“Establishing a population of white-tailed eagles in the south of England will link and support emerging populations of these birds in the Netherlands, France and Ireland, with the aim of restoring the species to the southern half of Europe.”

Tony Juniper, the chair of Natural England, which is licensing the trial, said: “The return of these spectacular birds to England is a real landmark for conservation. I very much hope that it will also provide a practical demonstration of the fact that we can actually reverse the historic decline of our depleted natural environment.

“It will also show how helping the recovery of our wildlife can be done at the same time as bringing benefits for people, in this case by offering a boost to the local economy through wildlife tourism.”

Moves to reintroduce white-tailed eagles into East Anglia 10 years ago were defeated by opposition from local farmers, who feared the birds would terrorise young pigs and take lambs.

The Isle of Wight was chosen as the location to reintroduce the species because its quieter coasts, cliffs and woodlands provide potential nesting and resting sites, while the Solent and surrounding estuaries offer plenty of food, with fish such as grey mullet and water birds forming the bulk of the eagles’ diet.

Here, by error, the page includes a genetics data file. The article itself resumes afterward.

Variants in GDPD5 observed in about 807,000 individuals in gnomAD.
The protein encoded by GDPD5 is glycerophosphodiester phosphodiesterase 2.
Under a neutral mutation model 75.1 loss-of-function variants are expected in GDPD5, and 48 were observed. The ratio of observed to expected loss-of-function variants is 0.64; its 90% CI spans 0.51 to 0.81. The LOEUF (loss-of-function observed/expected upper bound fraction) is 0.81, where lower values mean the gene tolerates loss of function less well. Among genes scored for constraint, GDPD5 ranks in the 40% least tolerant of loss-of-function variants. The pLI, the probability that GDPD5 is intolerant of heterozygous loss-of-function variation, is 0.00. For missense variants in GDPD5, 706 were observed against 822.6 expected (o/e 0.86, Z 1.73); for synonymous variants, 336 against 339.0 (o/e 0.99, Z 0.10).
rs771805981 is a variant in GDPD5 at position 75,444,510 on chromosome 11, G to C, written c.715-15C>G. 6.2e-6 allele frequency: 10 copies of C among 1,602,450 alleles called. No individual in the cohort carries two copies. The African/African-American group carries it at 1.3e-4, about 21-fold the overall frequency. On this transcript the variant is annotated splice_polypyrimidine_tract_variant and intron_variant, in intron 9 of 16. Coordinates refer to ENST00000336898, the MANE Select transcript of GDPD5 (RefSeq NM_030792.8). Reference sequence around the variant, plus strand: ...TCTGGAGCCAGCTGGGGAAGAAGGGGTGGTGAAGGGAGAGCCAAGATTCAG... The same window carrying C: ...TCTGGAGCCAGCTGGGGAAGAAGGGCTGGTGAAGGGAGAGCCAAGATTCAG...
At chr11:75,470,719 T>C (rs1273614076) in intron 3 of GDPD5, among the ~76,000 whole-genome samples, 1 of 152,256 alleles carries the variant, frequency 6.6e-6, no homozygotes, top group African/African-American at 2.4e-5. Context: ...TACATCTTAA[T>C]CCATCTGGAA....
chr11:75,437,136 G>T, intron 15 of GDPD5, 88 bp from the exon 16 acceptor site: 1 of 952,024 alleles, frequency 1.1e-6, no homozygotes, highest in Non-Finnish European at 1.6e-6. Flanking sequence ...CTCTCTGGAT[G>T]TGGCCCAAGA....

Bird found dead in Scotland was UK’s oldest Arctic tern

SCOTSMAN REPORTER Published: 06:00Monday 08 July 2019

image from Pixabay.com
A seabird found dead on a nature reserve has been named the UK’s oldest ever recorded Arctic tern – beating the previous record by nearly two years.

First ringed as a chick at Buddon Ness in Angus, the tern was discovered at the Scottish Natural Heritage (SNH) Forvie National Nature Reserve in Aberdeenshire. The bird was found to be 32 years old, almost to the day, when it died, which is more than double the average tern lifespan of around 13 years.

The previous record holder was a tern recaptured on the Farne Islands, off the coast of Northumberland, in 2010, just over 30 years after being ringed as a chick.